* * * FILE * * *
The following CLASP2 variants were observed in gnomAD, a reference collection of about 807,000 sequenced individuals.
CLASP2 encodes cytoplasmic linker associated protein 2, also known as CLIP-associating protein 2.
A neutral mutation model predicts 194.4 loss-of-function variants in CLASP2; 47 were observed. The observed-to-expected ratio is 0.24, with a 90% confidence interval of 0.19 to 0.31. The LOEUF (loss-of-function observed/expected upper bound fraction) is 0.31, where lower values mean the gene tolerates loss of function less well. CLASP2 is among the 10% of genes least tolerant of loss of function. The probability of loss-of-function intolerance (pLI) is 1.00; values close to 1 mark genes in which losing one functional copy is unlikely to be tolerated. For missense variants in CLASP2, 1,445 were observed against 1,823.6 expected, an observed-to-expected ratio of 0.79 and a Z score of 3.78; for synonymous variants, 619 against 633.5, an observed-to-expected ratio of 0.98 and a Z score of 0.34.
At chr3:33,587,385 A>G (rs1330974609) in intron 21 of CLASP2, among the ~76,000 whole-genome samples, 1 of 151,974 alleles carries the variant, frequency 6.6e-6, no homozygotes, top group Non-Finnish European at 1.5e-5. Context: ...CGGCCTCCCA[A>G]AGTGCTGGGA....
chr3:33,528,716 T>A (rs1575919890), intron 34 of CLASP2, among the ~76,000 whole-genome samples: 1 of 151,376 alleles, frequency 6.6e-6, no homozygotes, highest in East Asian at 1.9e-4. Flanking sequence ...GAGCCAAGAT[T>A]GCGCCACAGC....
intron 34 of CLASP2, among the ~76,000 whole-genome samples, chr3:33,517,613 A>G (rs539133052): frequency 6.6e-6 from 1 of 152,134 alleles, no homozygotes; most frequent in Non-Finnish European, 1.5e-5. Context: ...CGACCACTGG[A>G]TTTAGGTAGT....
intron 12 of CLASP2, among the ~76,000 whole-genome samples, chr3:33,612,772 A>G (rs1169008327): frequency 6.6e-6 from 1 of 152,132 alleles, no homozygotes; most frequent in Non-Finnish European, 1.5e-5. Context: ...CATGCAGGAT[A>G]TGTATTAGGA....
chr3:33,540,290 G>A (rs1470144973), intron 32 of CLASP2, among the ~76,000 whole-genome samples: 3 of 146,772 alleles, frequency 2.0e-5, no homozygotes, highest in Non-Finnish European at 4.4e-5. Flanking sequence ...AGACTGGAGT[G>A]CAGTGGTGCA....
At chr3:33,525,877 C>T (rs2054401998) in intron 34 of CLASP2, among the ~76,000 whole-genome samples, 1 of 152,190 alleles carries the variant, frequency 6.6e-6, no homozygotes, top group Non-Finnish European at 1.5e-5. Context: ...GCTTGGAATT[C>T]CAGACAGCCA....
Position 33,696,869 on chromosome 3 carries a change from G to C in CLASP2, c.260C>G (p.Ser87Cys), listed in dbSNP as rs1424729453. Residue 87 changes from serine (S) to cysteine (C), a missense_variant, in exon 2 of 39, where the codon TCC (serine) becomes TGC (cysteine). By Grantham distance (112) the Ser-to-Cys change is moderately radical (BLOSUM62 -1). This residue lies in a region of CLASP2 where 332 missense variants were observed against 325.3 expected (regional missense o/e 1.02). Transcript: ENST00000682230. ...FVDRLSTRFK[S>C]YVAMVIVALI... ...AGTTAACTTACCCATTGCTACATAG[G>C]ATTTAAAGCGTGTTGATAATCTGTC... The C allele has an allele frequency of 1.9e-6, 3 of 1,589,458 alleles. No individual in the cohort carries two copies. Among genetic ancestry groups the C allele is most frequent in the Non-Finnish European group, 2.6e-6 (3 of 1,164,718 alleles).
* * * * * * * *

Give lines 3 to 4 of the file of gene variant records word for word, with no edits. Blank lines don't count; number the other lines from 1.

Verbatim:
A neutral mutation model predicts 194.4 loss-of-function variants in CLASP2; 47 were observed. The observed-to-expected ratio is 0.24, with a 90% confidence interval of 0.19 to 0.31. The LOEUF (loss-of-function observed/expected upper bound fraction) is 0.31, where lower values mean the gene tolerates loss of function less well. CLASP2 is among the 10% of genes least tolerant of loss of function. The probability of loss-of-function intolerance (pLI) is 1.00; values close to 1 mark genes in which losing one functional copy is unlikely to be tolerated. For missense variants in CLASP2, 1,445 were observed against 1,823.6 expected, an observed-to-expected ratio of 0.79 and a Z score of 3.78; for synonymous variants, 619 against 633.5, an observed-to-expected ratio of 0.98 and a Z score of 0.34.
At chr3:33,587,385 A>G (rs1330974609) in intron 21 of CLASP2, among the ~76,000 whole-genome samples, 1 of 151,974 alleles carries the variant, frequency 6.6e-6, no homozygotes, top group Non-Finnish European at 1.5e-5. Context: ...CGGCCTCCCA[A>G]AGTGCTGGGA....